I'm horrid at drawing tilesets

fillergames

  • Posts: 771
=This is my first tileset



It looks like it was made of plastic.

-This is my second



It looks ugly and bland.

In short, if you have any tips on how to draw exciting tilesets. I'll be pleased!

Carrill

  • Posts: 102
First of all, if you aim to create more of a pixel-art style I'd recommend you work with 16x16~ tiles with a 2X Scale in your game's settings. This will make the individual pixels come out a lot more. Plus, you won't have to create tiles that look as grainy/noisy as what you have in your second example.

Also, get more creative with your colors. I see you're using all green for grass and all brown for your dirt. Try to find a place to put some yellows somewhere or something.

Alexin

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  • Posts: 3132
While I don't have any good advice about drawing tilesets, let me tell you it's a good thing you realize your previous tilesets are ugly. Not being in denial makes room for improvement.
"Find the fun"
alexin@stencyl.com

Carrill

  • Posts: 102
While I don't have any good advice about drawing tilesets, let me tell you it's a good thing you realize your previous tilesets are ugly. Not being in denial makes room for improvement.


I wouldn't say that his second tile set is very good either. But it's definitely an improvement from his last.

twotimingpete

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  • Posts: 1667
I struggle with tilesets, too, I don't like making them, but I've gotten better over time.

My general approach is I just draw what I want the terrain to look like, as a whole section of it, without yet worrying about how it tiles. And now I take this and dissect it and convert it into repeatable patterns and edges and sides and slope and so on. I don't typically have just one tile that repeats with itself and fills large areas, it's usually groups of tiles. Like a chunk of three tiles in a row, that whole unit, patterns with itself. This can make things more detailed.

Also keep in mind that if you want, you can have the top of your tiles extend past the character's feet a bit by having the top part, the cap, sorta bleed into a tile of its own, which will have no collision. This means the top of your terrain doesn't have to be this artificial straight line.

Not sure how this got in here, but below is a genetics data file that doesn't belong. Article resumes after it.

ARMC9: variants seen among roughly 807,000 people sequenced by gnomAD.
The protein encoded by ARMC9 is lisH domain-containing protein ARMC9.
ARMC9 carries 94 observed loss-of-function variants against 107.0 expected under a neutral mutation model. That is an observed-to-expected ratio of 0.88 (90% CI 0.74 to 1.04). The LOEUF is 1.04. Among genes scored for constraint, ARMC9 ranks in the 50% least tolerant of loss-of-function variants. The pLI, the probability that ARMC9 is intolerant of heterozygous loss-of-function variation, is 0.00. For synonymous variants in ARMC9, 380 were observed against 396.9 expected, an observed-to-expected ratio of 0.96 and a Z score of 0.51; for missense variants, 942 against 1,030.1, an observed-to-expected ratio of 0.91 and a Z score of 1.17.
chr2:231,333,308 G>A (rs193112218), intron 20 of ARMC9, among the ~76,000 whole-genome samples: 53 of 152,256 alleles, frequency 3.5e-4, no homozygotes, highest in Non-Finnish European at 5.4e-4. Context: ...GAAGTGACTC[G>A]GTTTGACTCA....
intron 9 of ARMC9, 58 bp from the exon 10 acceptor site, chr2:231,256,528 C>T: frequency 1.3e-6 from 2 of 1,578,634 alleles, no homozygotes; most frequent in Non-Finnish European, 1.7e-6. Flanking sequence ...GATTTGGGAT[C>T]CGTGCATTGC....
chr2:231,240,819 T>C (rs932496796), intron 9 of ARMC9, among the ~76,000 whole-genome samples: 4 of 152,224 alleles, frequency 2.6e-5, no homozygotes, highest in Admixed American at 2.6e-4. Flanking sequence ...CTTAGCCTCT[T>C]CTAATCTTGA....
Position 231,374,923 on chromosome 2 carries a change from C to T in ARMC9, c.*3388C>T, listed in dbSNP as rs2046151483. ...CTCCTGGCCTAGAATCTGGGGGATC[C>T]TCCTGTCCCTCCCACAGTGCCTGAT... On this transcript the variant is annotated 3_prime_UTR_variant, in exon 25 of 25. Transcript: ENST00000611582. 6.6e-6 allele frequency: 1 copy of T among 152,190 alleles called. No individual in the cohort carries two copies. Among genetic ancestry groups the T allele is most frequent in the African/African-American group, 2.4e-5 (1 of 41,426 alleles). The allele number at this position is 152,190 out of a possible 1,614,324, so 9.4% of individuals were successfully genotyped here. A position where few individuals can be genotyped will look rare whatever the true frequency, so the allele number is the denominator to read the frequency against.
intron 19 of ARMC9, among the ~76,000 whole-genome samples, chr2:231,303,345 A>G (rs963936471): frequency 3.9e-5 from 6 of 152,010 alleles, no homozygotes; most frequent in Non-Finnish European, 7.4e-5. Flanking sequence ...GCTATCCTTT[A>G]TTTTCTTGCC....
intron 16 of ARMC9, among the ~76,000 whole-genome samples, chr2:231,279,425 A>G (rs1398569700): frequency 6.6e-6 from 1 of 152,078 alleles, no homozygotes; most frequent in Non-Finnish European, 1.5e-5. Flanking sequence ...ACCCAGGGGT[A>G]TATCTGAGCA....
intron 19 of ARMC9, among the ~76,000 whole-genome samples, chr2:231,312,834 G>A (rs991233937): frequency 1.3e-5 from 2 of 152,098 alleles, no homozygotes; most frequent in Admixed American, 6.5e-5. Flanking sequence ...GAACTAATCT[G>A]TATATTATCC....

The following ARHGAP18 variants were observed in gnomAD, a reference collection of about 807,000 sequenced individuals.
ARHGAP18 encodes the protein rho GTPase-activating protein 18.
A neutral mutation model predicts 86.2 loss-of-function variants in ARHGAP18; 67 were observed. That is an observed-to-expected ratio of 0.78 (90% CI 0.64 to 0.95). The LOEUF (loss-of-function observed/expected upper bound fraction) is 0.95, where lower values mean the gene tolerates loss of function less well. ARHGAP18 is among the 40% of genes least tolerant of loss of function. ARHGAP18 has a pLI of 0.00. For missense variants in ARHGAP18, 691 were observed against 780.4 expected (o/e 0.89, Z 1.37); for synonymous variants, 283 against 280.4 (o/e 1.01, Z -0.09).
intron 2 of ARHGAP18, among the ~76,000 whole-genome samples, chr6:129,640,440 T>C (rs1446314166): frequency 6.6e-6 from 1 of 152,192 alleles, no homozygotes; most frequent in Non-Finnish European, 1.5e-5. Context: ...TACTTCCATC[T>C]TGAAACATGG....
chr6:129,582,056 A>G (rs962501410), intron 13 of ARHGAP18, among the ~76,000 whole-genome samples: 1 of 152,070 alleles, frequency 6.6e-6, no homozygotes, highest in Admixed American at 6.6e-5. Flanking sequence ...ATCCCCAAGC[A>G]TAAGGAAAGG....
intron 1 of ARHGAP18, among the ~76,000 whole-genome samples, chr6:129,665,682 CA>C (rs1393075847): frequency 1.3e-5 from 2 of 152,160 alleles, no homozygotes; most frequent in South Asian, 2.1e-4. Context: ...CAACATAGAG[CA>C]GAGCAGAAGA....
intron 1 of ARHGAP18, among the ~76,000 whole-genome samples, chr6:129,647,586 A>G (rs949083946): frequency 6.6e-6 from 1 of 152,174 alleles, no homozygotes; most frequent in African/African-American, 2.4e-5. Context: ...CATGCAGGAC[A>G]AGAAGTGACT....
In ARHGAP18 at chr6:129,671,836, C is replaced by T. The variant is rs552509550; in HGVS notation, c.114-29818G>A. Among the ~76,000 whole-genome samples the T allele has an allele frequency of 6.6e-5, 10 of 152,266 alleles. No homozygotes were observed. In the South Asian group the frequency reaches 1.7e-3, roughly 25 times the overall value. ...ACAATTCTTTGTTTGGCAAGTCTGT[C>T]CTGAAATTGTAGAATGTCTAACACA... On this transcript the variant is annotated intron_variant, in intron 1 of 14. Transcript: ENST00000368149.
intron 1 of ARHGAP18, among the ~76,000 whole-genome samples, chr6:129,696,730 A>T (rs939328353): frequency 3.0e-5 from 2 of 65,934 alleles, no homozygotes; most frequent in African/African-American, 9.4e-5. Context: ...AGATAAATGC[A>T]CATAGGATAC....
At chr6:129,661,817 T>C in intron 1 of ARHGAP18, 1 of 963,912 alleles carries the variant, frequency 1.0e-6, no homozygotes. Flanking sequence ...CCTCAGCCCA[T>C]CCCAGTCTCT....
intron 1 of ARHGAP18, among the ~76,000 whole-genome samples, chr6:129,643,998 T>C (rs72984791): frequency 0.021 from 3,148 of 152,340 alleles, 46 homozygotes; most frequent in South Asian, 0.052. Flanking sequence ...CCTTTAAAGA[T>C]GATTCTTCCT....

fillergames

  • Posts: 771
Is this better, or worse?


Carrill

  • Posts: 102
Is this better, or worse?



It's definitely better! Now just try creating a nice-looking background image to add completeness the visual style you're creating here.


twotimingpete

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  • Posts: 1667
the new one is definitely better. :) nice work. try adjusting the hue on your highlights or your shadows to see if you can bring out different cool color combos. I do that all the time.

fillergames

  • Posts: 771
My skills are improving, slowly.



Left to right.

Rocky tiles, flat rocky tiles, flat rocky tiles with outline.

Zikkurat

  • Posts: 5
If you want to make it look better then decrease the contrast. Now it looks like it's made out of metal or plastic. If you decrease the contrast between the brightest and the darkest color it will turn out more flat and it will gain a mat feel, which you kind of want when creating earth.

Or you could experiment with less saturated colors. I'm not saying that will help, but strong, vivid colors can turn out to be kitschy.

Deathlock

  • Posts: 3
Alongside what Zikkurat said, the high contrast you have can be a nuisance on the eyes.


I've given you an example of what a better looking palette would look like (note, that what I've done is far from perfect but it's a good example of what I'm saying). A good palette will allow you to blend the environment nicely together. I'd also get rid of the outline you have on the other two, or make it less obvious as it tends to clutter with the rest of the tile.

Now for the grass, avoid pillow shading (as in shading from the edges in). It doesn't make the grass look, well.. grassy. Try defining the texture on the grass, rather than making it look like jelly.

Hope this helps, keep up the good work.
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